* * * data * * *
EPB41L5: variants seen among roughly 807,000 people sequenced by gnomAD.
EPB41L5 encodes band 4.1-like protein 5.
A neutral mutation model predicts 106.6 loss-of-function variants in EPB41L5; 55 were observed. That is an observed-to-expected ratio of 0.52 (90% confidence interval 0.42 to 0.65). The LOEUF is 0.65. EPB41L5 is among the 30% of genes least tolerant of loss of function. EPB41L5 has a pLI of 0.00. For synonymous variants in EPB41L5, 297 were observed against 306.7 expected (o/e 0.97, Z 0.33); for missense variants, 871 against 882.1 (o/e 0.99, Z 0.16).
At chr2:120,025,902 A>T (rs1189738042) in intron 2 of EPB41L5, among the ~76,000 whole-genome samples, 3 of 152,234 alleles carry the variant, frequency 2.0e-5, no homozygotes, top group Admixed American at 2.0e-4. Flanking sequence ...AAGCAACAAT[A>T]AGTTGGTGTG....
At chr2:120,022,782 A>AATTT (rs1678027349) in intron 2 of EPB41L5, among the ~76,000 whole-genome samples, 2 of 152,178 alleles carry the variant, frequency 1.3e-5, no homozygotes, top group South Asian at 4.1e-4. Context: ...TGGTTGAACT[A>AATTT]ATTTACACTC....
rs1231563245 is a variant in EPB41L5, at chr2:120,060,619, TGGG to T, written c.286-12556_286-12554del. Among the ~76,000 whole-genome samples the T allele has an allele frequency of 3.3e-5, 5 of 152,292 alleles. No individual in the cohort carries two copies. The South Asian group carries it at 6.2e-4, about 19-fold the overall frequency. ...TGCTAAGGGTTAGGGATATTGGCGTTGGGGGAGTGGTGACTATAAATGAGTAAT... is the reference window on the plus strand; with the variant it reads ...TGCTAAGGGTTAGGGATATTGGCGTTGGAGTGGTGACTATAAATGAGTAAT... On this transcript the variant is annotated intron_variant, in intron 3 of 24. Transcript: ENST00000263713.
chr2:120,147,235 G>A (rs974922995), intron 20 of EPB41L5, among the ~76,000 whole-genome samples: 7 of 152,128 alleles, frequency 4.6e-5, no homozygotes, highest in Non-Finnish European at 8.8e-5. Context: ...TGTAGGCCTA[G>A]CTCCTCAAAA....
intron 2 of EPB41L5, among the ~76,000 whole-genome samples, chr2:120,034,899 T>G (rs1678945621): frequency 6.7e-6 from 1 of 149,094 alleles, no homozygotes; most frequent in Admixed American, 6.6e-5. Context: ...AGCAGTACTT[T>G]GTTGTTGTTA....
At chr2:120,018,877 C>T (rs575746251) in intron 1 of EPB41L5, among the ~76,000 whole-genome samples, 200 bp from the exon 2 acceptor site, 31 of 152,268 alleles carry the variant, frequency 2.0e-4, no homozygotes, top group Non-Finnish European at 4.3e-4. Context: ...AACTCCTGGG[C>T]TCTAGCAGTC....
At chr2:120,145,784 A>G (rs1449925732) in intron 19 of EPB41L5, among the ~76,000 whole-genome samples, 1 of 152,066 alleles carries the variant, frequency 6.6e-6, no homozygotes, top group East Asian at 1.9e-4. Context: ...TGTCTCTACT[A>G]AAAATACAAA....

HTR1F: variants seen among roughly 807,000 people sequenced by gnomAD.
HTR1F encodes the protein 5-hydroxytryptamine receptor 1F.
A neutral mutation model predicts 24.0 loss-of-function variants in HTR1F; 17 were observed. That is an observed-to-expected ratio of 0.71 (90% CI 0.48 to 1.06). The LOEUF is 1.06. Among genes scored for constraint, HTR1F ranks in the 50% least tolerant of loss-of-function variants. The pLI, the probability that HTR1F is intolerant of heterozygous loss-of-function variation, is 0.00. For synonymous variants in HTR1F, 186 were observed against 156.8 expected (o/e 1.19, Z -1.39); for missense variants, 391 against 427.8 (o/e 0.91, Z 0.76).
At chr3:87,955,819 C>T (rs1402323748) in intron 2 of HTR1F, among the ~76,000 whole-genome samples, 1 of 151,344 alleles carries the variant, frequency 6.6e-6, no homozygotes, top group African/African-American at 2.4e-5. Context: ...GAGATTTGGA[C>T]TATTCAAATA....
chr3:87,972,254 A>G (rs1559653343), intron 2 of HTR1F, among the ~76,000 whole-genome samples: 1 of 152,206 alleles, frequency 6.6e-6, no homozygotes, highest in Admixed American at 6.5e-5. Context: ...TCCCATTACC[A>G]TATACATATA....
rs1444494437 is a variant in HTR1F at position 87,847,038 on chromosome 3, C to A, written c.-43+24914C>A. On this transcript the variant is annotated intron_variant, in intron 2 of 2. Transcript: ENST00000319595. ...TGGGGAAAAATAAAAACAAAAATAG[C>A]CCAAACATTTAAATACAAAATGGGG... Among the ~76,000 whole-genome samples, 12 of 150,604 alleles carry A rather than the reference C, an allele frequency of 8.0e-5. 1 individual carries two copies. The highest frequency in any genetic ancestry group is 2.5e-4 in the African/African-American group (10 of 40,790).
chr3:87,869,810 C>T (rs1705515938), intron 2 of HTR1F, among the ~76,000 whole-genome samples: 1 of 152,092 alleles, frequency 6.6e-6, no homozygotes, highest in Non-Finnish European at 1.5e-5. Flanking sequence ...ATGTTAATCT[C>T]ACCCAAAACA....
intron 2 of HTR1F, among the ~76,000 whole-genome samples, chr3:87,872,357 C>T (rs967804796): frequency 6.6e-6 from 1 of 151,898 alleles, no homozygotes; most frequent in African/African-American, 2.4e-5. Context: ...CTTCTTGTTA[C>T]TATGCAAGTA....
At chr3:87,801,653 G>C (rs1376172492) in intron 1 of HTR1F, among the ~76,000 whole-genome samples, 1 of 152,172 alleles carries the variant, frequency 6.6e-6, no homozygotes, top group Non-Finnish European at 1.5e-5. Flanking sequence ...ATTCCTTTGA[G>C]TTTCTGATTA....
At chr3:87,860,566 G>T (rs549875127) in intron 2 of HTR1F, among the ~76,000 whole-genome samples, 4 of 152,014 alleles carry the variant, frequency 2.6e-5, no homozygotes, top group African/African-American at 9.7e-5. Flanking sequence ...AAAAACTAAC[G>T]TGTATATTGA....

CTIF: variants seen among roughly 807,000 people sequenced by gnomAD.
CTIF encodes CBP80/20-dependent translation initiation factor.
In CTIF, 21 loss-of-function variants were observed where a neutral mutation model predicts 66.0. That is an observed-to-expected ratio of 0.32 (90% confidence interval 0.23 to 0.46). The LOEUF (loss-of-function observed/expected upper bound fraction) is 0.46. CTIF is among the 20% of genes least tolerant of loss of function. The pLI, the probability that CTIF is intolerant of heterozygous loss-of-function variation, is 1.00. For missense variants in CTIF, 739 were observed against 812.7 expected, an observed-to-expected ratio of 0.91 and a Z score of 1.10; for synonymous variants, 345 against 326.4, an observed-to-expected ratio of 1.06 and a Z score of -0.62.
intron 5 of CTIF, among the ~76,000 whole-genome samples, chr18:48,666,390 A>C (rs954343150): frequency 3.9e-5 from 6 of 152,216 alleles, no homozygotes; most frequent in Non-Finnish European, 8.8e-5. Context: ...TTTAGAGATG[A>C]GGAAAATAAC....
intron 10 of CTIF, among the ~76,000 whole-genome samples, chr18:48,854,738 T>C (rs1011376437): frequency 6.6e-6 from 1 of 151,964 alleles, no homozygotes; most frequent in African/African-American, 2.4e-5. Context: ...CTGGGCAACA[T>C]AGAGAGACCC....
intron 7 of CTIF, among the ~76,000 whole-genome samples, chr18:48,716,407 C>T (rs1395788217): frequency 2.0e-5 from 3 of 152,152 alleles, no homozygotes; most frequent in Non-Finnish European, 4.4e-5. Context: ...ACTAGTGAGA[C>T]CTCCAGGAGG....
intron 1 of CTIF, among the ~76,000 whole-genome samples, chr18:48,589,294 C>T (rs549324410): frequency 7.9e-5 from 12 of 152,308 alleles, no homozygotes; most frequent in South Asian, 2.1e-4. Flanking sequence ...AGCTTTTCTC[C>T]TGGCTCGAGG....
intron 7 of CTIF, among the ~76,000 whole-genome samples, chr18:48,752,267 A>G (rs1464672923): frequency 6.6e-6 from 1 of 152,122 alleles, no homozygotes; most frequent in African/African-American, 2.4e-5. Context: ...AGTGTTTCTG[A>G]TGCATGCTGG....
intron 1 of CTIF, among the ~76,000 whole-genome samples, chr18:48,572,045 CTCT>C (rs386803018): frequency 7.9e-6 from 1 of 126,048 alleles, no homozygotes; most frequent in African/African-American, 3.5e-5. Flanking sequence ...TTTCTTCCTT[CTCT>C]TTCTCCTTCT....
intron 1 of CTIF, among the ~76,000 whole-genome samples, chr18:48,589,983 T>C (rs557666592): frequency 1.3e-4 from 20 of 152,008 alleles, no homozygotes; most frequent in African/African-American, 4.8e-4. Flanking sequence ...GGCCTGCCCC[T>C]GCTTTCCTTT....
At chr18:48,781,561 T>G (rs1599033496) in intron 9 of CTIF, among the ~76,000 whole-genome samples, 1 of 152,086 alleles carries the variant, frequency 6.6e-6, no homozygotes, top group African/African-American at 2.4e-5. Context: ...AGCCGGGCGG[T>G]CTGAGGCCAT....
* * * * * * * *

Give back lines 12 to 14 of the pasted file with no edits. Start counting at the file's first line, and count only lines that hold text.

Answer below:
HTR1F encodes the protein 5-hydroxytryptamine receptor 1F.
A neutral mutation model predicts 24.0 loss-of-function variants in HTR1F; 17 were observed. That is an observed-to-expected ratio of 0.71 (90% CI 0.48 to 1.06). The LOEUF is 1.06. Among genes scored for constraint, HTR1F ranks in the 50% least tolerant of loss-of-function variants. The pLI, the probability that HTR1F is intolerant of heterozygous loss-of-function variation, is 0.00. For synonymous variants in HTR1F, 186 were observed against 156.8 expected (o/e 1.19, Z -1.39); for missense variants, 391 against 427.8 (o/e 0.91, Z 0.76).
At chr3:87,955,819 C>T (rs1402323748) in intron 2 of HTR1F, among the ~76,000 whole-genome samples, 1 of 151,344 alleles carries the variant, frequency 6.6e-6, no homozygotes, top group African/African-American at 2.4e-5. Context: ...GAGATTTGGA[C>T]TATTCAAATA....